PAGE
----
The Corporate Transparency Act (CTA) is a federal law passed as part of the National Defense Authorization Act on January 1, 2021. Beginning in 2024, millions of Limited Liability Companies, Corporations, and Partnerships are required to file information about owners, those who run the businesses and others. Failure to comply can result with large fines and even criminal penalties. This article outlines on how to comply with the law. This is not a comprehensive article.

Regulations are being proposed and/or drafted. Soon there will be a process to comply. You cannot currently submit a report. Compliance reports start beginning 2024. But it is good to learn about the obligations now.

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What is the Corporate Transparency Act?

This law is intrusive, complex and laden with potential for mistakes. While designed to catch money launderers and other bad actions, instead it will likely cause law abiding individuals to become subject to fines, investigation and possible criminal sanctions for noncompliance. Millions of small businesses are subject to the law. While we disagree with the structure, requirements and deadlines of the law, that does not excuse compliance. For many small businesses owned and run by an individual or couple compliance should be fairly simple. Still, there are many ways in which one could innocently violate the law.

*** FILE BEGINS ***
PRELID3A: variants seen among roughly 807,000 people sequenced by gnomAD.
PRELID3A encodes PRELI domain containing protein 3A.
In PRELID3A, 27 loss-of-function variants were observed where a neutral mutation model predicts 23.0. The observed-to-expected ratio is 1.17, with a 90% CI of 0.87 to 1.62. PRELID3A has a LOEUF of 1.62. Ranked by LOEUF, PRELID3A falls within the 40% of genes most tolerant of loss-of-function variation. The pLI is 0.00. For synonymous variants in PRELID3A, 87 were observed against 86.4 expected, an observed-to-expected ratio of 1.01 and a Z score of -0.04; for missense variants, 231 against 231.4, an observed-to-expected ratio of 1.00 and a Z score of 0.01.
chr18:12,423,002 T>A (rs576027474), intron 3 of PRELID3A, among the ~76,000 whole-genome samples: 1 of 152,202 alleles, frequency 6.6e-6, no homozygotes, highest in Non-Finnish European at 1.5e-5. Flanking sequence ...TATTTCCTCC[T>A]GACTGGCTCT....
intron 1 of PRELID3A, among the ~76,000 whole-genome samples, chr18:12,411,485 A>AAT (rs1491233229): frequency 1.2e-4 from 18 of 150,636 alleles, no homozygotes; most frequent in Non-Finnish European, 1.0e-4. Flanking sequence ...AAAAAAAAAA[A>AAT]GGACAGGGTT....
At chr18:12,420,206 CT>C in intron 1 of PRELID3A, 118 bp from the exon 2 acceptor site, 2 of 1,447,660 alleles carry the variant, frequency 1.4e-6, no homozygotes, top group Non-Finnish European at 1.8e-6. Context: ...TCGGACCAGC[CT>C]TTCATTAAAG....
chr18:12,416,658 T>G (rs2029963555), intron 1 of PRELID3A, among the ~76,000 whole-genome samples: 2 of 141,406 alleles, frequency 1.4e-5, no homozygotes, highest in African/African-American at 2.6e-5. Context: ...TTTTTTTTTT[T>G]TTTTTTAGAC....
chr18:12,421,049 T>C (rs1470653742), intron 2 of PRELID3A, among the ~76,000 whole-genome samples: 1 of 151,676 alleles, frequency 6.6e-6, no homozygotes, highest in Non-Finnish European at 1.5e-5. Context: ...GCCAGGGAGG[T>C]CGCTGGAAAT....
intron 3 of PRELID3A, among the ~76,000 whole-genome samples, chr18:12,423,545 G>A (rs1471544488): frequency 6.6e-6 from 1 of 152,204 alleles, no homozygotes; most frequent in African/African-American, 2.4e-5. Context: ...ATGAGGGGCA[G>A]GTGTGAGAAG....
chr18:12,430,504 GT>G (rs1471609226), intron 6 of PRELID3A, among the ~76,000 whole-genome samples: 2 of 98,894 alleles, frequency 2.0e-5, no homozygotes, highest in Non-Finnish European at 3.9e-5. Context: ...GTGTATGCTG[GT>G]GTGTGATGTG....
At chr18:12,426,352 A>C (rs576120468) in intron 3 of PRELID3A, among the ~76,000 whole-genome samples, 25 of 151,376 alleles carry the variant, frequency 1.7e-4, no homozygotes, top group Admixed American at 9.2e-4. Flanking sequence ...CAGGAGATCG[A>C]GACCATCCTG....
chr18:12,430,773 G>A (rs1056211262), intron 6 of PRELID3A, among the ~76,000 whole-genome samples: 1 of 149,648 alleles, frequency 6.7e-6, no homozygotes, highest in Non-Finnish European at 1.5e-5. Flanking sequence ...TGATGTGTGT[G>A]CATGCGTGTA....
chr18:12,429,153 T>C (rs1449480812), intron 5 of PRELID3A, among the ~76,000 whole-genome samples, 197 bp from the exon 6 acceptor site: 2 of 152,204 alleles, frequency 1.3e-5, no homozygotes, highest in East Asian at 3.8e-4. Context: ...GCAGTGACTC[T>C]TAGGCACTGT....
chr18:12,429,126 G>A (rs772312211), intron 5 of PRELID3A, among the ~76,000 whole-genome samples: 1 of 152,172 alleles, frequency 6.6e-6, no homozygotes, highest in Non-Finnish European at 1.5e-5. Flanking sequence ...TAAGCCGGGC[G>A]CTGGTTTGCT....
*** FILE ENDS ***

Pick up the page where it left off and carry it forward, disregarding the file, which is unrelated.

Who Does this Apply to?

This law will impact millions of Limited Liability Companies (LLCs), Corporations, partnerships and other entities who were created by registering with any state of the United States, the District of Columbia, the Commonwealth of Puerto Rico, the Commonwealth of the Northern Mariana Islands, American Samoa, Guam, the United States Virgin Islands, and any other commonwealth, territory, or possession of the United States. It also includes entities created by filing with a tribal authority. Finally, it includes any foreign entity that has registered with any of the above.

What is the Law Intended to Do?

The purpose of the law is to prevent the use of business entities to conduct money laundering, terrorist funding, sex trafficking and other criminal activities.

Unfortunately, the act requires compliance by most small Limited Liability Companies, Corporations, or Partnerships registered with a Secretary of State or a Tribal Authority.

What Happens if My Company Doesn’t Report?